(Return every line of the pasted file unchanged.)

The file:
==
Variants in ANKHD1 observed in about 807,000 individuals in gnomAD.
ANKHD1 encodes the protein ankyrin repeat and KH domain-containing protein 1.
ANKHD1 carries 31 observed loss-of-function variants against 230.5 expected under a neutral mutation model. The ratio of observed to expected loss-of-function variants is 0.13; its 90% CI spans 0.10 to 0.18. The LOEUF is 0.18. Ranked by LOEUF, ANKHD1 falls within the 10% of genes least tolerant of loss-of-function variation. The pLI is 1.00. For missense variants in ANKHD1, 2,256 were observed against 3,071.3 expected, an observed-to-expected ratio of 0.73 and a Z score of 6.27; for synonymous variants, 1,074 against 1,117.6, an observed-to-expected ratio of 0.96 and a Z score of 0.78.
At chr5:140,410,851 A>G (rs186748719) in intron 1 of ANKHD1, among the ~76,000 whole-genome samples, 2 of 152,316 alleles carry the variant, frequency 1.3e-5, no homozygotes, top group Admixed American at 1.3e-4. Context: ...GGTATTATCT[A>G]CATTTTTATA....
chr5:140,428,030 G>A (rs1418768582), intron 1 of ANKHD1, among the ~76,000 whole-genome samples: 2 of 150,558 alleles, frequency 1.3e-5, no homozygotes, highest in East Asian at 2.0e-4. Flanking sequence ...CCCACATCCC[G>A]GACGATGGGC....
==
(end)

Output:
Variants in ANKHD1 observed in about 807,000 individuals in gnomAD.
ANKHD1 encodes the protein ankyrin repeat and KH domain-containing protein 1.
ANKHD1 carries 31 observed loss-of-function variants against 230.5 expected under a neutral mutation model. The ratio of observed to expected loss-of-function variants is 0.13; its 90% CI spans 0.10 to 0.18. The LOEUF is 0.18. Ranked by LOEUF, ANKHD1 falls within the 10% of genes least tolerant of loss-of-function variation. The pLI is 1.00. For missense variants in ANKHD1, 2,256 were observed against 3,071.3 expected, an observed-to-expected ratio of 0.73 and a Z score of 6.27; for synonymous variants, 1,074 against 1,117.6, an observed-to-expected ratio of 0.96 and a Z score of 0.78.
At chr5:140,410,851 A>G (rs186748719) in intron 1 of ANKHD1, among the ~76,000 whole-genome samples, 2 of 152,316 alleles carry the variant, frequency 1.3e-5, no homozygotes, top group Admixed American at 1.3e-4. Context: ...GGTATTATCT[A>G]CATTTTTATA....
chr5:140,428,030 G>A (rs1418768582), intron 1 of ANKHD1, among the ~76,000 whole-genome samples: 2 of 150,558 alleles, frequency 1.3e-5, no homozygotes, highest in East Asian at 2.0e-4. Flanking sequence ...CCCACATCCC[G>A]GACGATGGGC....